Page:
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The merits of studying Geography at University

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This article was written by Tavistock Tutors

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The merits of studying Geography at University

Geography has long been the the butt of jokes in the academic world. Often termed as “advanced colouring in” by so-called genii the subject has historically come under intense criticism. Indeed at my school there was a popular phrase started by the Historians “Make Geography History”- a reference to making geography both disappear and be more like History.

Geography was an essential subject of study in colonial Britain. Kings, adventurers, businessmen and nobility were required to understand the subject. To build maps to chart the rural areas of Africa, to chart how rainfall would affect seasonal crop growth, to assess how quarterly shipping patterns would be affected by climatic conditions. However, since these important times the study of geography at degree level has been somewhat tarnished.

I cannot claim to enjoy all of geography, and nor do I intend to. There were moments in lectures at University where my mind was far more interested on what was happening in the Mail Online, however the skills learnt throughout my course will be essential for life.

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There are 3 main skills borne from my Geography degree that are not only transferrable into real life skills, but in my opinion essential to a successful career:

Information Processing

For every essay set during my degree the essay instructions were accompanied by a reading list of at least 30 titles. If one were to read every journal and book fully they would just about complete an essay a year. The primary skill in Geography is assessing the important detail and the overall story line from the unnecessary detail. By having such an enormous body of work thrown your way, Geography at degree level forces you to pick an argument, find supporting facts and to build an essay accordingly. Because of this, the skill I will always have is to filter the important from the not so important to make a judgement as quickly and effectively as possible. That is not to say that I would blindly choose an argument and stick to it, but rather I can take an overall stance – for example in a business setting hypothesising that fewer staff members increases productivity- and rapidly research and assess whether this hypothesis fits the status quo of research. Throughout my early career the ability to disseminate wide bodies of research and literature have been essential to excelling in my profession.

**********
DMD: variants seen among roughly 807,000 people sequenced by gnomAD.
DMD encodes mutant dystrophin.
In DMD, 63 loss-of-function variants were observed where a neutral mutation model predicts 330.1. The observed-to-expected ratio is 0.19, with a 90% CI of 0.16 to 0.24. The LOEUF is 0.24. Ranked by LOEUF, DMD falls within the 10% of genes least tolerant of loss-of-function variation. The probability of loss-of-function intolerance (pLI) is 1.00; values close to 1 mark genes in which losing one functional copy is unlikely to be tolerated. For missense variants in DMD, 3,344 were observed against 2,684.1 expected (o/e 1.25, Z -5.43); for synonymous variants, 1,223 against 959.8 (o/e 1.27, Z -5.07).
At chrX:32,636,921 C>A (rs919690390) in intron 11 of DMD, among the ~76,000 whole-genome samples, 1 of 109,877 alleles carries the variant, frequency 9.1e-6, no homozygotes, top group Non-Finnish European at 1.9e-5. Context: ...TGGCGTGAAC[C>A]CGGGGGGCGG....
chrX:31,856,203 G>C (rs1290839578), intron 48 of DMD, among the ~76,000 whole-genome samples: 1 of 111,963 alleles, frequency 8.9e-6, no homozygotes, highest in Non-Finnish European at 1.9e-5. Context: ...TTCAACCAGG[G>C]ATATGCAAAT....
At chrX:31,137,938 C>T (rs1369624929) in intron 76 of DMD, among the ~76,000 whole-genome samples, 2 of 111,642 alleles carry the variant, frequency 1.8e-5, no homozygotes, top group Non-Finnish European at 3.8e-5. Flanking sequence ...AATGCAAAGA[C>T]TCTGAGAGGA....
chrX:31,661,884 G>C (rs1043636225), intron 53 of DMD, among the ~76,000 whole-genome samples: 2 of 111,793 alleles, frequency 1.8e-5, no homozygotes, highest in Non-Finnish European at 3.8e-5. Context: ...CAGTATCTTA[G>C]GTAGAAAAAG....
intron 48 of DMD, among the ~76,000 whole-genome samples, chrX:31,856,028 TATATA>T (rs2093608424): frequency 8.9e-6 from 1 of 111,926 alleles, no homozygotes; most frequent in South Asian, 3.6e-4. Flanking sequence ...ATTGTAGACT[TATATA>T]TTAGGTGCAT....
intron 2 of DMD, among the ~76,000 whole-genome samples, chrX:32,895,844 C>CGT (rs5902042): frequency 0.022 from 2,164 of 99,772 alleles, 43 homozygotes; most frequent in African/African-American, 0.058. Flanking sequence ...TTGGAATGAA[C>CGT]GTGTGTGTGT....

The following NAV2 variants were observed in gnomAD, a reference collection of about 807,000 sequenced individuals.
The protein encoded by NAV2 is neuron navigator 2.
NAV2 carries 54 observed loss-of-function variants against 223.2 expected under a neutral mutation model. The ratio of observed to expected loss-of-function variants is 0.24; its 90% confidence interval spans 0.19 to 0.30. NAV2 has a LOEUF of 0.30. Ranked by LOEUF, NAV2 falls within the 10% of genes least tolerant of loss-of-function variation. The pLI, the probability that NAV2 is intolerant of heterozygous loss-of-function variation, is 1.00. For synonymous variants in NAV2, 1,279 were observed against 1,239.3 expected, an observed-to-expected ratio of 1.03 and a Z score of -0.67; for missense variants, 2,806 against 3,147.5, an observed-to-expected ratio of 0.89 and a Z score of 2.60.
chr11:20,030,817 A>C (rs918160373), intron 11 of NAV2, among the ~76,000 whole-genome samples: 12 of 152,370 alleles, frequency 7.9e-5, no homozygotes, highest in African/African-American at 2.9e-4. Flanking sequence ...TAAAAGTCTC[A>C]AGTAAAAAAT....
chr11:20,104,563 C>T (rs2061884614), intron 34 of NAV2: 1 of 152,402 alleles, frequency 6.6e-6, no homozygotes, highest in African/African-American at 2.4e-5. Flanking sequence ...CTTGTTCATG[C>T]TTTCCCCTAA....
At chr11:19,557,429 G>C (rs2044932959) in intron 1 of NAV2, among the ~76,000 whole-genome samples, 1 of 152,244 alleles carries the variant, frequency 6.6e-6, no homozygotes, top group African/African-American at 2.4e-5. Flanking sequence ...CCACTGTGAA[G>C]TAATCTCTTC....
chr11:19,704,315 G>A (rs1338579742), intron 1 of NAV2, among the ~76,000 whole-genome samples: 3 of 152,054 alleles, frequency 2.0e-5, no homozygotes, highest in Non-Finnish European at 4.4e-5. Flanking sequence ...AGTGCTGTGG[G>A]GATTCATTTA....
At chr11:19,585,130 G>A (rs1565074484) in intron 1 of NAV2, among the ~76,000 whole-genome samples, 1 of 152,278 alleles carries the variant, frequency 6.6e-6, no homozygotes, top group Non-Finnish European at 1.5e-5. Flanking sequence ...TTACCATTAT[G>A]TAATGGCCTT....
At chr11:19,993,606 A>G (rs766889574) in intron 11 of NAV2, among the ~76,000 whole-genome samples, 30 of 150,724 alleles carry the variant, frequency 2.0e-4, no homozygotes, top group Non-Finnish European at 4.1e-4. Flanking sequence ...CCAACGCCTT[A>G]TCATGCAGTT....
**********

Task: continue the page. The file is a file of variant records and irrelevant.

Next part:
2) Detailed understanding

At school the worst thing about Geography was having to spend endless nights remembering how many mm of rain fell in Bangladesh, how many homes were destroyed, 10,000 leaves were needed to be regrown, £3.1m of damage to a rural island etc etc. However, at degree the importance of microscopic analysis becomes apparent. The best way to explain it is that because a geographer needs to understand not only the most minute details but also the wider picture, one can quickly assess the overall works at play, such as a shift in the market, or a change in climate and then assess the most fundamental damages or risks associated with this. It always seemed important to no one that I knew how many homes were destroyed, yet at degree level you learn that the big picture is how climate change affects the insurance industry, which in turn affects the economy and the politics of a nation. Therefore, the number of homes and livelihoods damaged affects the number of claims, which in turn affects the lobbying of government for greater protection which in turn benefits the local ecosystem from future climate damage and safeguards the economy in the future. The ability to shift between the micro and the macro in any setting is essential to getting the best possible outcome for yourself or your employer.

3) Human processes

Whilst it has rarely been stated that geography and psychology crossover in academic discipline, at the root of geography are wide theoretical processes. Ideas of ‘agency’ (The freedom through which one can make their own decisions) of “community” as a construct, of the relationship between people and place (where people live, how they interact and how each place affects individuals differently e.g. the contrast between the airport and the jungle). Because these concepts were constantly repeated to us at degree level, in my own life I judge how certain situations affected me differently. I take the tube every morning and instead of being annoyed at the rush hour (I am still annoyed by it) I look at how the system is structured. I look at how the signs are visible at every point, how passengers are moved along like a conveyor belt, how it is normal to stand on the right of the escalator versus walking on the left. Because I understand societal systems that are otherwise taken for granted, I am able to spot strengths and weaknesses in a number of situations previously thought to be out of my control. Noticing patterns, and human interactions is essential to doing well at geography undergraduate, as well as in life.

Geography is more than facts, figures and climate change. It is disseminating information and providing the strongest argument. It is learning a little bit of everything to gain a clearer picture of the world. And most importantly, it is the one subject where you can go out until 4am and the experiences of your night will in some way be useful for the essay you have to hand in by 9am.

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